Pressure to reduce the backlog of cases in Tāmaki Makaurau has seen police shift court preparation work to officers based in other regions.
It’s the latest in a long line of changes made in recent months to get on top of wait times, which have lengthened in the district courts over the past five years and particularly in Auckland since the Covid-19 lockdowns.
Last year Auckland metro courts experienced a 14 percent increase in active criminal cases, whereas the rest of the county saw a decrease of 3 percent.
Data to July showed the average number of days to resolve criminal cases in the District Court had jumped from 114 to 176 since 2017.
For cases where a jury had been selected the wait time was longer. Between March 2018 and March 2023 there was an 81 percent increase (about 1600 cases) in the number of district court jury trial cases awaiting trial with the average time to resolve a case at 494 days, up from the pre-Covid average of 374 days.
Jury trials make up about a tenth of district court criminal cases, yet take up about a third of the overall sitting time.
The Chief District Court Judge implemented demand-based court scheduling in May 2023, in which judges were placed into courts with the largest backlogs.
Police faced cost pressures to deal with the additional sitting hours and had to bring staff in from off the frontlines to be prosecutors.
The majority of these staff have since returned to their roles, however some do remain and demand-based scheduling will continue until the end of 2024, which will have a significant impact on frontline staff, according to a July Cabinet paper.
The response to the new scheduling was dubbed Operation Surge and costs the police about half a million dollars a month.
This will be eased somewhat by the allocation of funding earlier in the year for 78 more police prosecutors. So far 33 new prosecutions staff have been hired with the backing of $26 million from the Government for reinforcements.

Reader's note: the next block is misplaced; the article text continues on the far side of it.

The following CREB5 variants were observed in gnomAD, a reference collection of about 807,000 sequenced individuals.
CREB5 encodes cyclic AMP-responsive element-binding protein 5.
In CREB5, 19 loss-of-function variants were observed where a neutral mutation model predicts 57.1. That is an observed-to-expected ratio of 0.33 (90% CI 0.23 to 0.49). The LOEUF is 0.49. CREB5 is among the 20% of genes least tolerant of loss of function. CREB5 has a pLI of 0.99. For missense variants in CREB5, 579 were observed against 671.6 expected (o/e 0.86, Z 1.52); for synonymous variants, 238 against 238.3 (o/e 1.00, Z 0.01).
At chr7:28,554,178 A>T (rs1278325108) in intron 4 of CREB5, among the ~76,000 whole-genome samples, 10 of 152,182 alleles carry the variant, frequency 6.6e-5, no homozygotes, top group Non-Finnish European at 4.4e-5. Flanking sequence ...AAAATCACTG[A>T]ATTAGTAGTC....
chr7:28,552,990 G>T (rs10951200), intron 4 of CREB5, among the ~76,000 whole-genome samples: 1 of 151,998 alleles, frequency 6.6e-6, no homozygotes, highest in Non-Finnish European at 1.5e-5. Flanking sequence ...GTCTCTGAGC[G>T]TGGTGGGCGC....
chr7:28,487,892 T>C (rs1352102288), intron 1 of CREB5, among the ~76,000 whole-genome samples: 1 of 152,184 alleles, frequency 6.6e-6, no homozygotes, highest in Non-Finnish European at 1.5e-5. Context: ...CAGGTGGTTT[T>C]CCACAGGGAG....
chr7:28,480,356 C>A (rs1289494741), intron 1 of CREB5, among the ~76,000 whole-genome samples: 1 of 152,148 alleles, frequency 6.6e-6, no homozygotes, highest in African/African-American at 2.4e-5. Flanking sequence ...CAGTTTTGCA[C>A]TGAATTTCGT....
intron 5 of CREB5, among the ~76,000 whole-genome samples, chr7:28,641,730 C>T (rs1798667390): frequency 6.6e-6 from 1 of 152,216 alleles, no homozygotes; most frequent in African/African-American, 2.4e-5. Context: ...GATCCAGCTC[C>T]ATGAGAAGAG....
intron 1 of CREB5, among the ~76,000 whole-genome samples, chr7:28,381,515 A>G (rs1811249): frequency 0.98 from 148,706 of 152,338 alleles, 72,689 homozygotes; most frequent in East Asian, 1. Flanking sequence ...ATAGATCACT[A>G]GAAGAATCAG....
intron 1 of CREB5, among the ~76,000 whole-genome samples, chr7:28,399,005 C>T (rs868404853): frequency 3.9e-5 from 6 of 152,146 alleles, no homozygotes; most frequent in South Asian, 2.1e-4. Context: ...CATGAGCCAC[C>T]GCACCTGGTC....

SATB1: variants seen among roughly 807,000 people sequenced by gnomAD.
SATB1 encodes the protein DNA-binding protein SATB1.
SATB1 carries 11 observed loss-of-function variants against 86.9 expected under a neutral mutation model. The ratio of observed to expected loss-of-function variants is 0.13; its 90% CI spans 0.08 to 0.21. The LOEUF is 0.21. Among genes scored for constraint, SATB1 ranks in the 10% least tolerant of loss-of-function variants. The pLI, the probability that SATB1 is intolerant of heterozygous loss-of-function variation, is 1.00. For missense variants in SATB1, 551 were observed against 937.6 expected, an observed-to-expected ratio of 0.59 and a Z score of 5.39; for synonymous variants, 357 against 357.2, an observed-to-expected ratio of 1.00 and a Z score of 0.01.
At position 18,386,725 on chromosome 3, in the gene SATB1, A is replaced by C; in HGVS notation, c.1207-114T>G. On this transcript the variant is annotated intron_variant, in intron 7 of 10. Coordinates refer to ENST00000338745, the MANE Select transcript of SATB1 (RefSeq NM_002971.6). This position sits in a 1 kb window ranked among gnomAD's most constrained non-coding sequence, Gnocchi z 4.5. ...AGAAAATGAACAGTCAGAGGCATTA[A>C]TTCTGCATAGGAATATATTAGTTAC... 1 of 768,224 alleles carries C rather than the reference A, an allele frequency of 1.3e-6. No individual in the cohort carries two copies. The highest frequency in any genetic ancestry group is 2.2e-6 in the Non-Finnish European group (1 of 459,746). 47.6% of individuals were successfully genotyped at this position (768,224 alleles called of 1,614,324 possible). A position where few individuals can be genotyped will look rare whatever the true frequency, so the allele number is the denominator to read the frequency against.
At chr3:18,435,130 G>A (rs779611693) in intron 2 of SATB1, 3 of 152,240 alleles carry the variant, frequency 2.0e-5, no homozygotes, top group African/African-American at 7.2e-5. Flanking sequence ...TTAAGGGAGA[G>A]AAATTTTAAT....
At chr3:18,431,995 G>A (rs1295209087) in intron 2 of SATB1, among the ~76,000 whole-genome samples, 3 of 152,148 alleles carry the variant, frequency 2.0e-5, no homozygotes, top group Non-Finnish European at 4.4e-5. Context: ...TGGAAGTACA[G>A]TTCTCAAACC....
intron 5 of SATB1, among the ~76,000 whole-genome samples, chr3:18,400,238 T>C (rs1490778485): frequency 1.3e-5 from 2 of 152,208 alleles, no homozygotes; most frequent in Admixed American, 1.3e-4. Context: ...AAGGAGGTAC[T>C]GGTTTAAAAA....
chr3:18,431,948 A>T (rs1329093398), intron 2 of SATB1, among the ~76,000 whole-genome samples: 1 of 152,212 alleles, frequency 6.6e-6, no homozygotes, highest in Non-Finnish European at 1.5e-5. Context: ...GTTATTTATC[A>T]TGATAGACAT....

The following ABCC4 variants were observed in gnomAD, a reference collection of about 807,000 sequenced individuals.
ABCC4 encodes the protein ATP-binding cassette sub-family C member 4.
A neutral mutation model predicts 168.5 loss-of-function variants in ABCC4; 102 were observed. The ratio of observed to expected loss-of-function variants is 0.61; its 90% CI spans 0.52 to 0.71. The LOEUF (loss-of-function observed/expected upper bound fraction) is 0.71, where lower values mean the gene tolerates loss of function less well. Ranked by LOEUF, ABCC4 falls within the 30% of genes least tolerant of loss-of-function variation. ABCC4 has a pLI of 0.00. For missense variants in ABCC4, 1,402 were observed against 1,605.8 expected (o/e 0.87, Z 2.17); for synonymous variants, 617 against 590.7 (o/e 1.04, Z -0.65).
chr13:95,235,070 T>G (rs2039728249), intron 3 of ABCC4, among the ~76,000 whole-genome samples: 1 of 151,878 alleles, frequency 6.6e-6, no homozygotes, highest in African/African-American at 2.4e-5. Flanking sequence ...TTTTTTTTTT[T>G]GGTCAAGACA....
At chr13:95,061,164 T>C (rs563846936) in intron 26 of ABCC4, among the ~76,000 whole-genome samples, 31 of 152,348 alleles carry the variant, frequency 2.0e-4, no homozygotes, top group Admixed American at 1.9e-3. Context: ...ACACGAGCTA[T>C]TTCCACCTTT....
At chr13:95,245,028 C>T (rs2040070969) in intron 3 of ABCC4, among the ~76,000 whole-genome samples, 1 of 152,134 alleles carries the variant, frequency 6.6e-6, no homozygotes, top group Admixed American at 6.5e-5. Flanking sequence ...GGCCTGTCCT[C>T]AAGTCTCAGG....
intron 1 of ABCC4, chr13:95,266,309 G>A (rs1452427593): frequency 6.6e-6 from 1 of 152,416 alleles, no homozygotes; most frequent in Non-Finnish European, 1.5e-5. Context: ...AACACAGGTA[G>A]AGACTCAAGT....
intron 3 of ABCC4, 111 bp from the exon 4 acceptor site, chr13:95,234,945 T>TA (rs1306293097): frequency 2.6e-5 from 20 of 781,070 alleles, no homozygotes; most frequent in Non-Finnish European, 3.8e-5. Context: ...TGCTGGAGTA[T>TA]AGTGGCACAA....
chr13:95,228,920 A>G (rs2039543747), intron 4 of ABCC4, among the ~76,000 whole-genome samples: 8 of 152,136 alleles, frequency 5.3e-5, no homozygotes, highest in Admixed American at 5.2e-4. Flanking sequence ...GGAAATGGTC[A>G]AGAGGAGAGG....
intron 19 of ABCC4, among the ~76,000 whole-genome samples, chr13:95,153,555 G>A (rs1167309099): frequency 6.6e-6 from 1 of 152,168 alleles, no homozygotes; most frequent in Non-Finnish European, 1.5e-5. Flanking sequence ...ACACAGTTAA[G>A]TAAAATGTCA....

Police are in the midst of a mass overhaul of the way they manage caseloads.
The three-year programme, ReFrame, will work alongside similar efforts in the sector to modernise and streamline the justice system.
It aims to improve outcomes for Māori, minimise victim re-traumatisation, make access to justice more equitable and shorten the period of time people are kept on remand.
Primarily paid for out of the Proceeds of Crime Fund, $44.5m is expected to go toward the programme with $12m coming from police baseline funding, $25m from the Crime Fund and the balance from Corrections.
It includes changes such as updates to digital systems and information sharing agreements as well as improving evidence collection and disclosure practices.
The latter has been a contributing factor to delays in the court system, with lawyers telling Newsroom earlier this year that slow disclosure from police as well as the way the law was designed was leading to later guilty pleas and more jury trials.
For the year ended April, 12 percent of hearings were rescheduled because of outstanding or incomplete disclosure.
Defendants cannot properly enter a guilty plea until they have the evidence on which the charges are based.
The way the Criminal Procedure Act is set up is that individuals can be required to enter a plea once they have initial disclosure, which is the police summary of facts and any criminal history the defendant may have, but not necessarily any of the evidence on which the charge is based.
Evidence was also becoming more complex and taking longer to arrive with expert agencies such as the Institute of Environmental Science and Research, the public health and forensics Crown research institute that is also under increased workload pressure.
Lawyers would, of course, not recommend a client enter a guilty plea without knowing exactly what evidence police had and whether the charges would stack up as convictions.
Flowing on from this is the reality of more people being on remand, and for longer.
The Government considered amending the law to require more information to be handed over at initial disclosure, but police were not in favour.
A Cabinet paper from July explained that resourcing would be a problem. Crown Law was also opposed to any mandated changes, with feedback stating there was insufficient evidence the proposals would be effective.
The New Zealand Law Society said it could also increase duty solicitor workload.